“It is, therefore, to be expected that the peculiar climatic conditions causing major floods will again obtain in this watershed, that the major flood will occur and that any work done in providing for storage of flood waters, or in channel improvement or diking, will not prevent this flood, nor will it avoid the loss of life and property damages resulting from a major flood. Provision for some flood storage and protection should not lead to a feeling of security on the part of the residents of the valley. Arrangements should be made for a system of flood warnings in addition to the protective measures.

...

“It is therefore recommended... That the Federal Government contribute neither to the cost of power developments as an aid to navigation and/or flood control, nor to the cost of bank protection, because the resulting national benefits would not be sufficient to justify such participation.  ...  For a maximum flood the main effort should be to save human life, and to that end the following places should be abandoned as soon as possible after the knowledge of such an impending flood has been received: All of Hamilton, Lyman, and Bur1ington and the low-lying portions of Concrete, Sedro-Woolley, and Mount Vernon. ... Delay or prohibit entirely diking off the Nookachamps Creek district, us this section acts as a storage reservoir and thus reduces the flood height in the surrounding and lower districts.”

(Source: 5/18/1932 Report on the Skagit River, Corps of Engineers, Seattle District)

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MARCH 2011


“This Avon By-Pass smacks of a typical pork-barrel, patronage, buy-vote deal that is becoming the trade mark of our times. Believe me, people are in rebellion against big-government do-goodism. Our neighbors of both political persuasions are of the same mind.”

(Source: 10/23/1963 Letter to Senator Jackson From G.A. Flanary re Avon By-Pass)

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FEBRUARY 2011


“Very briefly it may be stated as follows: That this valley suffers very heavy losses from floods at more or less regular intervals; that the people have spent more than a million and a quarter of dollars in the construction and maintenance of dikes and have recently undertaken at considerable expense the collection of discharge and other data necessary for the preparation of a comprehensive scheme of flood relief; that in view of the recognized difficulty and magnitude of the work necessary for flood relief they desire that the United States should undertake it; and that while they are unable to make any exact statement as to the amount of cooperation that, they will furnish, they think that the work they have already done and are doing should be considered as evidence that they will contribute to the full extent of their ability.”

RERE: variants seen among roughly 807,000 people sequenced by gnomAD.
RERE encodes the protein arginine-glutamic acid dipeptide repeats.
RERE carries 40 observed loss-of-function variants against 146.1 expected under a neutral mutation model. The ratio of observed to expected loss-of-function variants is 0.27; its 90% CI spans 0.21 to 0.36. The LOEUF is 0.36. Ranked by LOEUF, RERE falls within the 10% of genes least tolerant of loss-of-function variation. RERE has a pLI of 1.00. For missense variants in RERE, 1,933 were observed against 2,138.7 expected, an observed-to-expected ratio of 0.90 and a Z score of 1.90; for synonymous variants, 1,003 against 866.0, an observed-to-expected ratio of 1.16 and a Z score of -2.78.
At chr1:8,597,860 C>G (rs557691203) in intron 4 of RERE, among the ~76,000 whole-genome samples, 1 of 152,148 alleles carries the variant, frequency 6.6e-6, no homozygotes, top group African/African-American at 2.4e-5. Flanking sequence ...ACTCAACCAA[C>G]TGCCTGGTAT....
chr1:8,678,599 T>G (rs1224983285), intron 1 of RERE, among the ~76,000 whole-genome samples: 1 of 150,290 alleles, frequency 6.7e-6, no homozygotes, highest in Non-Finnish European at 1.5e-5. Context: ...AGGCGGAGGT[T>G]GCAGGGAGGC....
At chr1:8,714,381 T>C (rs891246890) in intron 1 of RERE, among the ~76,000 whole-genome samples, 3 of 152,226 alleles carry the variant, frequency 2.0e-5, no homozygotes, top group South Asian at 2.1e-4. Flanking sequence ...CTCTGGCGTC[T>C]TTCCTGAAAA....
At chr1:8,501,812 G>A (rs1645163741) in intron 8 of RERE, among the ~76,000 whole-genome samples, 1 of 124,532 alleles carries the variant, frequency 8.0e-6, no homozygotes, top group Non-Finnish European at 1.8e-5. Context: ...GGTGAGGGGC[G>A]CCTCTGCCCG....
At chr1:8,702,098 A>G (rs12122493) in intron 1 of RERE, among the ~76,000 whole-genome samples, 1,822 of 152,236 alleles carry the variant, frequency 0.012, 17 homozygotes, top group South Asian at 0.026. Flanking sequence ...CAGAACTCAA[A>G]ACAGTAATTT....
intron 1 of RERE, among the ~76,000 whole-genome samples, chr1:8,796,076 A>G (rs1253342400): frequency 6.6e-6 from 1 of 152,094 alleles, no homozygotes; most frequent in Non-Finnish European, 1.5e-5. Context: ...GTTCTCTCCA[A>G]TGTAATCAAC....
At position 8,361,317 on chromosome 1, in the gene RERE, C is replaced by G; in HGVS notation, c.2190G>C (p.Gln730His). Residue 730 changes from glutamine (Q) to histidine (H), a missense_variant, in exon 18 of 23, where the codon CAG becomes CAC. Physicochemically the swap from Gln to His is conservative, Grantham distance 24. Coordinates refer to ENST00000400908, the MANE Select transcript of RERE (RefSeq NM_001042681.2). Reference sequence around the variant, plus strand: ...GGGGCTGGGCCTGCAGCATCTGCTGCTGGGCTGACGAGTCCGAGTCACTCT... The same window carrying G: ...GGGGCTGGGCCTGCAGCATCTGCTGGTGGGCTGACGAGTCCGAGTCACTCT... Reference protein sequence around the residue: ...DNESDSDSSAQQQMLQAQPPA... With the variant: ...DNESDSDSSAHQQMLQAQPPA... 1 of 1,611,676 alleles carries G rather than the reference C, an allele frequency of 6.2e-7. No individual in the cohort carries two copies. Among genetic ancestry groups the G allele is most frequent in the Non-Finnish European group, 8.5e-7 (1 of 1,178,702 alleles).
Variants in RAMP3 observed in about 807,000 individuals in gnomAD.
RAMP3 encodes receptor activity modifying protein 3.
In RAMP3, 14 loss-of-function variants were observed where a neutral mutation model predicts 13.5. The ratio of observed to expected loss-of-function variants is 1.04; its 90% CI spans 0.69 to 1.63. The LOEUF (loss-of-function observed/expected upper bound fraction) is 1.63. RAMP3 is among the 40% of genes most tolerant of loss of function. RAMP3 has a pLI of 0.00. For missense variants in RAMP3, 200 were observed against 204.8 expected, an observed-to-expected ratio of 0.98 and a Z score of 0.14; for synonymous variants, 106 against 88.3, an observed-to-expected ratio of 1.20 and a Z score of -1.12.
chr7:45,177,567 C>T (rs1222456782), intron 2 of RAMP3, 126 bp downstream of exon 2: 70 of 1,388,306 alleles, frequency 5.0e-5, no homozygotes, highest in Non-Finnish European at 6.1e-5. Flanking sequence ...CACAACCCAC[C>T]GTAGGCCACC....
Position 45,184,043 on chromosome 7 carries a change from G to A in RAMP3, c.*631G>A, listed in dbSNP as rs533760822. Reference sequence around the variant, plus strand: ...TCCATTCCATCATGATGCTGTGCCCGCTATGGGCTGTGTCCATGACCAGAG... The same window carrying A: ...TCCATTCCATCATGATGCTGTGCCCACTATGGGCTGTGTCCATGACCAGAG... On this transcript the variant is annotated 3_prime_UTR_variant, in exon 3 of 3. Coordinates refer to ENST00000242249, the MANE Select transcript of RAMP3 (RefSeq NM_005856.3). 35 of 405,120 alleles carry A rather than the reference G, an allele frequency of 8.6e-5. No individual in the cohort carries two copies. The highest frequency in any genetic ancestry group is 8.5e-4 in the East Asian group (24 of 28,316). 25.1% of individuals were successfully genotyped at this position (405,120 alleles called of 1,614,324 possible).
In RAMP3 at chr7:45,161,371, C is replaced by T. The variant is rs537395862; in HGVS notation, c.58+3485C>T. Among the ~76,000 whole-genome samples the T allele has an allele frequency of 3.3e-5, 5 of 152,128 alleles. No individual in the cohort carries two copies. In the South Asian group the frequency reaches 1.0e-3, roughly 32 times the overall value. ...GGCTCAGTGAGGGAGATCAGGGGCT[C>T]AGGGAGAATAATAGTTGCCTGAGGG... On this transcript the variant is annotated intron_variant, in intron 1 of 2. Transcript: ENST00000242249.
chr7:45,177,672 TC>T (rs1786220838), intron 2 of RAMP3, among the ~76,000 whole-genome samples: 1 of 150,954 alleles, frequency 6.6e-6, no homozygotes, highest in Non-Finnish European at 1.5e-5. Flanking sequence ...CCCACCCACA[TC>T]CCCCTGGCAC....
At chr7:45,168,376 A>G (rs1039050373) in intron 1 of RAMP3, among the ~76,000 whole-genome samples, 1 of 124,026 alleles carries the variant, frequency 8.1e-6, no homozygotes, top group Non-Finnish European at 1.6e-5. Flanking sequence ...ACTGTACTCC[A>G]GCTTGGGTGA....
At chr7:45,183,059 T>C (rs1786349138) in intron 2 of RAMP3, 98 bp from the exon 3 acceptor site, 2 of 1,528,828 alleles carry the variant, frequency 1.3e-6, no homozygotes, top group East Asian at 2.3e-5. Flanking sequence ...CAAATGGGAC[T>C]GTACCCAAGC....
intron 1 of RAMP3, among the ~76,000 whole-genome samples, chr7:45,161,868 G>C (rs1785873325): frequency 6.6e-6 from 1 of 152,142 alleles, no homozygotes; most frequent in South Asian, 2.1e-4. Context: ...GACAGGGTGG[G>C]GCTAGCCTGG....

(Source: January 31, 1925 Preliminary Examination of Skagit River With A View To Control Of The Floods)

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JANUARY 2011

“Flood protection from raising of levees alone is not practicable. Such protection would require major raising of approximately 45 miles of existing levees, construction of additional levees, and major relocation of the existing road system adjacent to the present levees. Foundation conditions along the levees would not permit excessive increase in river stages without a threat of blowouts beneath the levees, and levee maintenance would become difficult with increased river stages and resulting higher velocities. Raising the entire levee system would also develop adverse backwater effects and increase the flood damages in Burlington and Sedro-Woolley.”

(Source: October 2, 1962 Letter to Corps North Pacific Division Engineer re: Avon Bypass from Corps Seattle District Engineer)